West End theatres share £900,000 in government funding to get Covid ready


ix West End theatres will share almost £900,000 in government funding to get Covid ready ahead of re-opening.

Nimax Theatres, which operates venues including the Palace Theatre and the Lyric, will get the money from the Culture Recovery Fund to pay for Covid-testing equipment, deep cleaning and staff training.

It is part of another £400 million in government grants and loans given to more than 2,700 organisations as part of the wider £1.2 billion fund.

Also in line for funding is the Glastonbury Festival, which is receiving £900,000, and East Finchley’s Phoenix Cinema which is receiving £138,333 as part of the wider £6.5 million awarded by the BFI to independent cinemas.

Dame Judi Dench, who is a patron of the historic cinema which first opened its doors in 1912, said: “Local cinemas are a vital part of our cultural lives, enthralling us with films about lives we recognise as well as offering us stories about other cultures from around the world.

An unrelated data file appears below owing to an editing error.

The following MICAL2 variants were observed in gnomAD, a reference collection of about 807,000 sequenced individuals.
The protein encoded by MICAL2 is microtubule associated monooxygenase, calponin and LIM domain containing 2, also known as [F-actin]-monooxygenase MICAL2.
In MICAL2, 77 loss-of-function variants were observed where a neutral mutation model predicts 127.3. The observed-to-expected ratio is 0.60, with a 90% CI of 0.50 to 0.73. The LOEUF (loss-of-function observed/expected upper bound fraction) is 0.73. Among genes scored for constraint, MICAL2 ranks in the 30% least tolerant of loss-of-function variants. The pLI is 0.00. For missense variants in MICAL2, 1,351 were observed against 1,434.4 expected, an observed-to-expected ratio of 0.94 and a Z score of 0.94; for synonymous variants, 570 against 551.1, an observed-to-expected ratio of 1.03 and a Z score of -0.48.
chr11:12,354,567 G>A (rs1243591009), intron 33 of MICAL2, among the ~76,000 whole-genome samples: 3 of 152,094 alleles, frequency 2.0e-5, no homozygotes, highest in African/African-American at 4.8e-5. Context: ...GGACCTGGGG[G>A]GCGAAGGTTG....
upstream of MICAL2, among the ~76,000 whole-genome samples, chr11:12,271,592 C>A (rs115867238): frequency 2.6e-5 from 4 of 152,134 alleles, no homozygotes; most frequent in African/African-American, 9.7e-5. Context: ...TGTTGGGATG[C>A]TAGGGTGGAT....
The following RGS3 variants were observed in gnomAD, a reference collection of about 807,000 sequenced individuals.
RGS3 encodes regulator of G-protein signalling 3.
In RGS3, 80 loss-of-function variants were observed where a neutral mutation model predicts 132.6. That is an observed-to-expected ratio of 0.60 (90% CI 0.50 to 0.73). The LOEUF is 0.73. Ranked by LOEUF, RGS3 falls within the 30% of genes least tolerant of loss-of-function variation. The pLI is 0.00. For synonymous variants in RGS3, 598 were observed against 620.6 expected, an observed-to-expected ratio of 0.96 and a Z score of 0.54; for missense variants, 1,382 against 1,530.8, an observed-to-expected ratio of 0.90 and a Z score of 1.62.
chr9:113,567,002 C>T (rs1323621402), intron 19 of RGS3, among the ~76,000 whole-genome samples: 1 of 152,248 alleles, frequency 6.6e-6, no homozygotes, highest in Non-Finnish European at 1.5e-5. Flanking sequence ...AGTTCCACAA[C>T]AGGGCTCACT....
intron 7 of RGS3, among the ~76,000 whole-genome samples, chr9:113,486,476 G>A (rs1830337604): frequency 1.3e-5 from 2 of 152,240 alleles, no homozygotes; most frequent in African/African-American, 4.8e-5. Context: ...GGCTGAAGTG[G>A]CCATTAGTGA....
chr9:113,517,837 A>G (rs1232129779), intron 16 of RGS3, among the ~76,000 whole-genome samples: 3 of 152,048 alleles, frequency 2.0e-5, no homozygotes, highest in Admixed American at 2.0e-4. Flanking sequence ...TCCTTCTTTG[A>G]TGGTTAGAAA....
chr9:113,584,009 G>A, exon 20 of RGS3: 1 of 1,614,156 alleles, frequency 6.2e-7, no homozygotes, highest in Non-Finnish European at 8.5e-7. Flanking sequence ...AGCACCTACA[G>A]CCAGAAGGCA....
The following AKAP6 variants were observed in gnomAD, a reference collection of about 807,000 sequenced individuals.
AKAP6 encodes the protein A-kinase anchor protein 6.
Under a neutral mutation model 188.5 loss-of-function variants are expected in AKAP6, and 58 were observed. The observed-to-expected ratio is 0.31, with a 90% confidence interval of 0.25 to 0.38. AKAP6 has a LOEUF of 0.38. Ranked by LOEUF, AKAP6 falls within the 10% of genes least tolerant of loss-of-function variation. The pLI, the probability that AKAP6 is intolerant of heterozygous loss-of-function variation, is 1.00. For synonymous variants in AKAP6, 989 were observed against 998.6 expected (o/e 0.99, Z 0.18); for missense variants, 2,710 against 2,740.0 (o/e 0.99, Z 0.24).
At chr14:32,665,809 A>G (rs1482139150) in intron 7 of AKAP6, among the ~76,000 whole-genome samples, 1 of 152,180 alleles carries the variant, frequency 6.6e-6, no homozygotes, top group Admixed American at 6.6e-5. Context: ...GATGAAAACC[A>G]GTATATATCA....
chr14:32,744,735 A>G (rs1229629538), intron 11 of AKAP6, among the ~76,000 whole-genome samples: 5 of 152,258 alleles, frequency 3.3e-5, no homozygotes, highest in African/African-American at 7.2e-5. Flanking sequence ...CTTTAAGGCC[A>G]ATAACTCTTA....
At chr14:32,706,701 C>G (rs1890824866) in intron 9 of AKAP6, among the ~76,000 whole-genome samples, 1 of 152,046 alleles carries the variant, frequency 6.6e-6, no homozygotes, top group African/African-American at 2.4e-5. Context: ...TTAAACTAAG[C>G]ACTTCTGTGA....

“They are places where people come together for a shared experience and have inspired many to make their careers on screen. We need to make sure that generations today and in the future have the same opportunities to enjoy and take part in the communal big screen experience.”

Other beneficiaries include the London Transport Museum which received £1,750,000 in the first round of funding and will get another £875,000 this time to help it reopen safely as well as theatre firm Lamp and Pencil who made the LED displays for hit musical Six and the wands used in Harry Potter. The Hertfordshire-based company will get £120,307. East London’s Whitechapel Gallery will receive £206,332, enabling it “to safely reopen” to visitors.

Sadler’s Wells also announced it had been successful in its application for a £4.25 million loan which it said would ensure “the survival” of the historic dance venue.  

Culture Secretary Oliver Dowden said: “Our record breaking Culture Recovery Fund has already helped thousands of culture and heritage organisations across the country survive the biggest crisis they’ve ever faced.

“Now we’re staying by their side as they prepare to welcome the public back through their doors – helping our cultural gems plan for reopening and thrive in the better times ahead.”